Announcements, Crime

Sexual Assault Awareness, Child Abuse Prevention & Awareness Month

(ANCHORAGE, Alaska) – April, 2018 marks Sexual Assault Awareness Month and Child Abuse Awareness & Prevention Month in Alaska. Governor Bill Walker has signed proclamations making the designations, and the Council on Domestic Violence and Sexual Assault (CDVSA) is reminding Alaskans about resources that exist to protect and assist victims, and the importance of engaging our youth to help prevent abuse and violence from occurring in the first place.

“Families and communities must come together to create strong, healthy support networks by providing safe and nurturing homes free of violence, abuse, and neglect, while extending helping hands to children and families in need,” Governor Walker said in one proclamation. “I encourage all Alaskans to do just that and to support individuals and organizations that provide services to at risk and abused children.”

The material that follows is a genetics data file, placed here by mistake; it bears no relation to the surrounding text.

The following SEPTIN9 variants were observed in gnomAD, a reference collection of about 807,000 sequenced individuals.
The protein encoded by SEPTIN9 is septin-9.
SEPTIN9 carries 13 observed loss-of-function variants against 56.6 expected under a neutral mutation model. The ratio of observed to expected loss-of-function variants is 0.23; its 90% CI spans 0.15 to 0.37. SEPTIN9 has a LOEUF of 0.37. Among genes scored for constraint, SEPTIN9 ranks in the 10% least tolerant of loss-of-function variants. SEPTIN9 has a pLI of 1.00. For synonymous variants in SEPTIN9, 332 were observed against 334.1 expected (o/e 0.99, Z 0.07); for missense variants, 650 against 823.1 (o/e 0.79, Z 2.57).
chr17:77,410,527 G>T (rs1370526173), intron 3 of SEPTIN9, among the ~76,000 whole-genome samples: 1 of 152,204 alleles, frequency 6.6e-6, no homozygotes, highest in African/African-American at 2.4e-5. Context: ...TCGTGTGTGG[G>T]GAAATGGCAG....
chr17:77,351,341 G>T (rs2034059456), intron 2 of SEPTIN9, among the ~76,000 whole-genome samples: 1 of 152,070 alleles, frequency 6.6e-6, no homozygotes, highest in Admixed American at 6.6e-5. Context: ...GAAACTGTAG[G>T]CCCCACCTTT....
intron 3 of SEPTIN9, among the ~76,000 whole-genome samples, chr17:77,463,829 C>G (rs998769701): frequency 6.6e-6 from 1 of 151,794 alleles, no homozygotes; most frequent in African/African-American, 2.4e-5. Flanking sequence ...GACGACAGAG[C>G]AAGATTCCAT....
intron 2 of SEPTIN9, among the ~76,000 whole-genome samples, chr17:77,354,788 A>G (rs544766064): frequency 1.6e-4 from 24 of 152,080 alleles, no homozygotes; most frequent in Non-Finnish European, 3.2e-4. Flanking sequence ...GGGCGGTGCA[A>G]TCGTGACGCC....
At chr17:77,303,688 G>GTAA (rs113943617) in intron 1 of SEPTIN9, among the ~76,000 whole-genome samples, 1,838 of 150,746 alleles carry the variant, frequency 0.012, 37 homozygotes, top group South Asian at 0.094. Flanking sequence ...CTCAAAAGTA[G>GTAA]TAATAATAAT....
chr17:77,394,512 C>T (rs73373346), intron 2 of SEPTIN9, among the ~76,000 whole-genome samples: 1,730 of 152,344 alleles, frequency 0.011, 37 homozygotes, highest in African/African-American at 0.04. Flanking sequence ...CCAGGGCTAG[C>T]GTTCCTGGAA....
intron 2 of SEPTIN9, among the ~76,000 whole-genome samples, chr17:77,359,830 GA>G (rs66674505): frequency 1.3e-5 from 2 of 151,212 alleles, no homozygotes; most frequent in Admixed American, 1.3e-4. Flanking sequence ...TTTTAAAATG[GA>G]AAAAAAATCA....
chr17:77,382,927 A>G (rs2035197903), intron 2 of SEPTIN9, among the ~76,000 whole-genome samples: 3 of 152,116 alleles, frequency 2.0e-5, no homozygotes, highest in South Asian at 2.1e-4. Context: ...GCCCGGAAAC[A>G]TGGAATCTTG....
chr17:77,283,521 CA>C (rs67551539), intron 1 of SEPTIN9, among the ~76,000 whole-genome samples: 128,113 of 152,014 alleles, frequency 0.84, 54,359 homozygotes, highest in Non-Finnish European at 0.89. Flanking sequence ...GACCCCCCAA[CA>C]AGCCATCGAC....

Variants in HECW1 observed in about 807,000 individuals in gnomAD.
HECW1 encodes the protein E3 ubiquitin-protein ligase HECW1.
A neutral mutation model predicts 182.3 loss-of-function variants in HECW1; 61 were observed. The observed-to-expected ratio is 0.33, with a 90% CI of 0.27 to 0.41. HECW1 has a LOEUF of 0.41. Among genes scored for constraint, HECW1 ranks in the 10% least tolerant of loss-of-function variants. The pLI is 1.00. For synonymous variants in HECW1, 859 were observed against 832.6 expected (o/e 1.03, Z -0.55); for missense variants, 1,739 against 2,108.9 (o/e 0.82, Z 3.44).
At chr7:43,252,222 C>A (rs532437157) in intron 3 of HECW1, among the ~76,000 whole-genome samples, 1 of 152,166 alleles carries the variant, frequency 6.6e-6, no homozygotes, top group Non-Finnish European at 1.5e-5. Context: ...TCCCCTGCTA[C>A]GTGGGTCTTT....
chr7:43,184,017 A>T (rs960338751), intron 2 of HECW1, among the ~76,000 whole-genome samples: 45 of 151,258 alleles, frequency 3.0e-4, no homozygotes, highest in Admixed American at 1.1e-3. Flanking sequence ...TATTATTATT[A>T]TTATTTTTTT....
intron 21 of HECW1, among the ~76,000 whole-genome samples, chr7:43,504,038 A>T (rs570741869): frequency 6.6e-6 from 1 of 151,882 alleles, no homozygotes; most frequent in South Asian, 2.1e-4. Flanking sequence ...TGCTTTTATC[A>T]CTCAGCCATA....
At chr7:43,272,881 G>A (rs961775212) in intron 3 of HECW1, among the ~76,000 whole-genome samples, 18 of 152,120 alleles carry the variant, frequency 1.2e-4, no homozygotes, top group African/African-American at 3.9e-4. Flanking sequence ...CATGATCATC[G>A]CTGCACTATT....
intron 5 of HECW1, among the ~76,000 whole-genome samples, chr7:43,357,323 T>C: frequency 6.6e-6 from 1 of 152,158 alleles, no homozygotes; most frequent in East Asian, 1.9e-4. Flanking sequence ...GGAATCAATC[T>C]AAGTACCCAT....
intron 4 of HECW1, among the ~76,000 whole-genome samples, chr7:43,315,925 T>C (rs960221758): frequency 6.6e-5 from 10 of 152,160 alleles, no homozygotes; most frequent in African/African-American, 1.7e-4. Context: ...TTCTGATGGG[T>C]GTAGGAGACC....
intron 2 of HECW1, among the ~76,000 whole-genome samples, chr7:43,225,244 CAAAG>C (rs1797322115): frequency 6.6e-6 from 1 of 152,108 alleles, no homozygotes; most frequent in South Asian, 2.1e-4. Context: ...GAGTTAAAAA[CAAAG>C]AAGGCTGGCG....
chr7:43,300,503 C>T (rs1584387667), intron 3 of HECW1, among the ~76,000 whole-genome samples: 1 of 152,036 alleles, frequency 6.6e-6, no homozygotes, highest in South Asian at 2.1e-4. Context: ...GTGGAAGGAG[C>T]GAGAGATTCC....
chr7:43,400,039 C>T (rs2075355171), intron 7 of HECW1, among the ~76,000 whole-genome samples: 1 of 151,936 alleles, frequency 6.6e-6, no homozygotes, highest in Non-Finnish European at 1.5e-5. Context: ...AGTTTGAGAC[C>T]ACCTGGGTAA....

Alaska rates of sexual assault and child abuse and neglect are concerning. According to data from the 2015 Alaska Victimization Survey, 40% of Alaska women have experienced intimate partner violence during their lifetime, and 33% have experienced sexual violence during their lives. In 2017, the Office of Children’s Service received over 20,000 reports of child maltreatment statewide. CDVSA provides resources and support to victims and their communities, and works to educate Alaskans on understanding the signs of violence or abuse, and how to appropriately intervene.


“Communities across the state are taking action to address and prevent sexual assault and child abuse,” CDVSA Chair Rachel Gernat said. “While we have made progress as a state, it is important that we continue working together to create safe homes and communities for all Alaskans.”

CDVSA sponsors 20 victim service programs across Alaska, most of which provide emergency shelter. Programs also provide safety planning and community-based advocacy to both victims of domestic violence and victims of sexual assault. A person does not need to be a shelter resident in order to receive services. Even though most programs are located in hub communities, all provide services to rural areas. For more information or to find a victim service program near you, visit, or call the CARELINE at 877-266-4357.